The easiest way to make sure you win more than your fair share of games of DZC, is to win the battle of ground forces. Having more anti-tank fire than your opponent gives you some key advantages: You can take out their AA giving your dropships room to breathe, you can take our their buildings quicker, making it more stressful for them to look for objectives, and you can reduce their ability to harm your AA/buildings. The UCM have the most traditional approach to this: get some Gladius tanks. For a 63% markup in price over the Sabre, the Gladius gives you two railgun shots (albeit at the same target) and two damage points. Most of the time, this means your opponent has to score two damaging hits on it. The Gladius doesn’t replace the Sabre, however it gives you a cheaper source of massed railgun shots. And with four Gladius tanks coming in at 236pts plus transport, that’s eight damage points and eight railgun shots for about the price of six (and a third) sabres. That’s tremendous value, especially when you consider that it’s enough firepower to deal buildings 10 damage points with good reliability.
At 54 points, taking some Slayer heavy tanks makes a great deal of sense for all the reasons above, however their reduction in speed is a big penalty, because it’s one of the best facets of the Hunter grav tank. By the same token, four of these babies approaching range on a critical building, are fairly good chance to deal 20 damage points thanks to their demolisher rule!
Jack of all Trades (UCM):
The UCM have access to one of the best generalist units in the game: The Ferrum Drone Carrier this bad boy keeps up to 8 small flying drones in the air. Drones are deployed in squads (hits can propagate around the squad, meaning you can wipe them out pretty easily). However, they have a new experimental focus rule that allows them to combine hits into more powerful ones. In addition, they are all scouts, giving you excellent command radius, and also sight for your Kodiak’s “laser pointer from the sky” orbital strike. One word of caution is that this unit is currently experimental, meaning that it’s rules are (VERY) likely to change in the near future. However at the moment it’s a very solid choice, and features on most UCM lists. EDIT: Hawk have (rightly) nerfed the Ferrum, so that after it’s initial launch, it can only relaunch 4 drones per turn. This means it’s much easier to keep a Ferrum in check!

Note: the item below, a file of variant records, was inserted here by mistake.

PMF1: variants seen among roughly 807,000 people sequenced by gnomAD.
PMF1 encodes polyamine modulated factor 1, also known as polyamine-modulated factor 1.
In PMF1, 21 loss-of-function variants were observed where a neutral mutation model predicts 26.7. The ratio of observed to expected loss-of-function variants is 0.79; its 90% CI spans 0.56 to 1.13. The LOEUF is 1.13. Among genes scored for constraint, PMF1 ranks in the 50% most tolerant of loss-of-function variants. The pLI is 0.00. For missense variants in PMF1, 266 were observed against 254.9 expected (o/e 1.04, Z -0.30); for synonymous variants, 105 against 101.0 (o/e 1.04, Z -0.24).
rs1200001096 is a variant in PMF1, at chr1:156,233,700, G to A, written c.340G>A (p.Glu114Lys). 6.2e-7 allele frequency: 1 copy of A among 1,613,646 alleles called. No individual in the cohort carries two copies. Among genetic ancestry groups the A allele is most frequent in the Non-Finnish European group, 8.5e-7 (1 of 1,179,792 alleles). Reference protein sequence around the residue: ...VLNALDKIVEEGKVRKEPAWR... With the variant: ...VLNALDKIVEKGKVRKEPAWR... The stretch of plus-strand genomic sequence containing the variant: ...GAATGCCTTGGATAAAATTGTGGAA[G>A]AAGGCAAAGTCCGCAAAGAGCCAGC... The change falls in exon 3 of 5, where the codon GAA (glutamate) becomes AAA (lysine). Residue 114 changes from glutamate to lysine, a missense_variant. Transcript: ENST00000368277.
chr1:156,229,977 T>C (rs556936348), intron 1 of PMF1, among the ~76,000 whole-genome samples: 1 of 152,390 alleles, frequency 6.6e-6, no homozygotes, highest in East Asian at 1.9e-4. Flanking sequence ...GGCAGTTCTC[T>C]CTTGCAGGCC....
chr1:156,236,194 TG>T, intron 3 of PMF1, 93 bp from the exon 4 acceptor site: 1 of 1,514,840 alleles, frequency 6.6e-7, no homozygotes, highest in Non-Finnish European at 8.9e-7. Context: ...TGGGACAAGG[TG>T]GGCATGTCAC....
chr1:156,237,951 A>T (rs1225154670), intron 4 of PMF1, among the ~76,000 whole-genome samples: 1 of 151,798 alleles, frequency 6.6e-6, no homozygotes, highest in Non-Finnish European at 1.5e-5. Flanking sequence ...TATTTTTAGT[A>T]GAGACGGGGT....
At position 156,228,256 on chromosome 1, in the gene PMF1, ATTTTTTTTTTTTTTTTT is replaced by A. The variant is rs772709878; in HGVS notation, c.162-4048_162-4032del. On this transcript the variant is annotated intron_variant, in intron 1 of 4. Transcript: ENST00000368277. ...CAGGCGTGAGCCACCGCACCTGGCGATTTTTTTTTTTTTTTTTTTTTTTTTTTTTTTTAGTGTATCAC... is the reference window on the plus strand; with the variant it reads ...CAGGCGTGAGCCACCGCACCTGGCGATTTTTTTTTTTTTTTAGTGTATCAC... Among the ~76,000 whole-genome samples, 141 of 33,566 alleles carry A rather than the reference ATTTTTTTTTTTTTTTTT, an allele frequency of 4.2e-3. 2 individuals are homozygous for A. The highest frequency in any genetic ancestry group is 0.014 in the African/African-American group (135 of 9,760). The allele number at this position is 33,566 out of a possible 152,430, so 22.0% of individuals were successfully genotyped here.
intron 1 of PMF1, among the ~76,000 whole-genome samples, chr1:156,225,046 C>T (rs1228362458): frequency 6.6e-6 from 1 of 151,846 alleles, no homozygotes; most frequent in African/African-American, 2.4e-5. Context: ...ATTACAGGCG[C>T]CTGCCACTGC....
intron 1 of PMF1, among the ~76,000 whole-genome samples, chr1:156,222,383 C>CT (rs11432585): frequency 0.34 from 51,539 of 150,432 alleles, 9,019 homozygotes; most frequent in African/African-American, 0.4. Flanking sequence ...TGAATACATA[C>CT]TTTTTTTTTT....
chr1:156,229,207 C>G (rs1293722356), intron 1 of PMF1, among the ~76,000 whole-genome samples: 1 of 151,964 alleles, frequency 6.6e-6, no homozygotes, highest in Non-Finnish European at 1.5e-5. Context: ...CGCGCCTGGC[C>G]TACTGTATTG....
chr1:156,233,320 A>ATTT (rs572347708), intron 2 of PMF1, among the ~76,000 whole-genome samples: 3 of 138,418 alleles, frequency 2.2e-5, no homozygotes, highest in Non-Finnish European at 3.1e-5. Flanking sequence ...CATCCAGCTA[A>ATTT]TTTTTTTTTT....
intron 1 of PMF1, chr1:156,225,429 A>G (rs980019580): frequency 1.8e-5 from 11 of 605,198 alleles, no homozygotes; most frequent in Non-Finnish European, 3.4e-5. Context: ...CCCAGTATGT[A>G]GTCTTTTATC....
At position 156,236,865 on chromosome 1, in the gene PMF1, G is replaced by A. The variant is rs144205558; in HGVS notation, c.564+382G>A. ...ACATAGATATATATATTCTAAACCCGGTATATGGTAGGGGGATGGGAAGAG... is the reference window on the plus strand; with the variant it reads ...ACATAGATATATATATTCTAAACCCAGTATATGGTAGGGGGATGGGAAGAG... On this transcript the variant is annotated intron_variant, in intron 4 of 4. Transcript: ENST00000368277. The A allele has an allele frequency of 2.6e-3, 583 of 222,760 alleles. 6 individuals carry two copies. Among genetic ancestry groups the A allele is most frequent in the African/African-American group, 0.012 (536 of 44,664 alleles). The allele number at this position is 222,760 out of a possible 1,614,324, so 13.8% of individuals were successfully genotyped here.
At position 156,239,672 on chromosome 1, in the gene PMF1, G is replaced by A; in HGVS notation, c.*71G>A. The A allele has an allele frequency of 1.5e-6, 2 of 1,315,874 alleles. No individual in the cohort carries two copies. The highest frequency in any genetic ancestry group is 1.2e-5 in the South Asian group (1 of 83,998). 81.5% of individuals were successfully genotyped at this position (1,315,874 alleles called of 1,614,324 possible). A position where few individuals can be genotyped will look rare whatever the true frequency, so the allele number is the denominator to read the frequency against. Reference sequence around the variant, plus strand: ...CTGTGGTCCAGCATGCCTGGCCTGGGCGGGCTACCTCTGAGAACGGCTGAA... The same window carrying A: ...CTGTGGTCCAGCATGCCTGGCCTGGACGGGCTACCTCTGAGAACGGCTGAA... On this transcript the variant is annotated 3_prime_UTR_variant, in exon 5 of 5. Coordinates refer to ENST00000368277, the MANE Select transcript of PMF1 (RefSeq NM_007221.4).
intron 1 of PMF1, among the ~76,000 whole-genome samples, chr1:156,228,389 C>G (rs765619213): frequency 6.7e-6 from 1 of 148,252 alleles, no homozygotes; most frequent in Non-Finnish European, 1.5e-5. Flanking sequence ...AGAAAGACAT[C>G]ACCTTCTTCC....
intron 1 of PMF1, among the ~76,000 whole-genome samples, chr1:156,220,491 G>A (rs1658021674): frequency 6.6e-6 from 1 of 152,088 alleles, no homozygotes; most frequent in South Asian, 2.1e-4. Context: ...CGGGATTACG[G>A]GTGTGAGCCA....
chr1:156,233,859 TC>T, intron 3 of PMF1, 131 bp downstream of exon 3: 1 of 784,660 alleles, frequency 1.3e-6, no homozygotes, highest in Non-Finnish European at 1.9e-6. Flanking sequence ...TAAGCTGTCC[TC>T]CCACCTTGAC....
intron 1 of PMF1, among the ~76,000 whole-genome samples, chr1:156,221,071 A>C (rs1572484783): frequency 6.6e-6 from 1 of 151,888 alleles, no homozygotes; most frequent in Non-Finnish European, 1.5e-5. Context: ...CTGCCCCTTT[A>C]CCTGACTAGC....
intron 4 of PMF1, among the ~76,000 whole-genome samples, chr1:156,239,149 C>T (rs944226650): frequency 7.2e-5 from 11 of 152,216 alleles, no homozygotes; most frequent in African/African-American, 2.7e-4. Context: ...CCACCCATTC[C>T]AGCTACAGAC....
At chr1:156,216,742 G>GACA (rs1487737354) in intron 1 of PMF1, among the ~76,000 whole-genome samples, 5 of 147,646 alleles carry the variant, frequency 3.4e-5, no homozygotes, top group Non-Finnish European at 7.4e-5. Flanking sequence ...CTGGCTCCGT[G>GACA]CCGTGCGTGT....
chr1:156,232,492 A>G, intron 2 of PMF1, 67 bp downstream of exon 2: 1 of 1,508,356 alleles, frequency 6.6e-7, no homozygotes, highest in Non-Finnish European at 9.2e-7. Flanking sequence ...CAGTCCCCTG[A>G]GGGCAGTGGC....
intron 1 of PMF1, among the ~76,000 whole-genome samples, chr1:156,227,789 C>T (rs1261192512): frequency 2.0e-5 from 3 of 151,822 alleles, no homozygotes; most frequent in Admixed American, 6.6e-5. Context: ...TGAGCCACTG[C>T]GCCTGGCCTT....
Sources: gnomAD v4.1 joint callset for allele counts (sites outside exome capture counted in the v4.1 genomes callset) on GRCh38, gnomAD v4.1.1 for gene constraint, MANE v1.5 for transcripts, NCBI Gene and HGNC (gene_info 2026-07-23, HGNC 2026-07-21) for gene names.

The Dark Tide (Scourge):
The scourge have one very interesting potential build. Spend all your extra points on making maxed-size (9 tank) squads of hunters, and don’t bother with transports. With a speed of 9 inches they can get to where they need to go very quickly without a dropship, and each dropship you don’t take is an extra tank you can take. The pure number of hits required to take out these grav tanks will be too much for most lists, and when combined with the rest of your list, it’s possible for them to demolish a “large” building in a single turn. Not that anything would survive 30+ falling masonry tests.
This isn’t 40k:
DzC isn’t 40k, while the tournament scene is yet to become as mature, “all comers” lists are definitely very capable and safe choices. You needn’t try too hard to find a really nice edge-case in the rules to exploit. For one thing, it will probably be fixed very quickly if it wins a tournament. For another, so far aside from pre-nerf Ferrum spam (which wasn’t as good as some people feared anyway) nobody has worked out a fool-proof list that is anything approaching unfairly tough.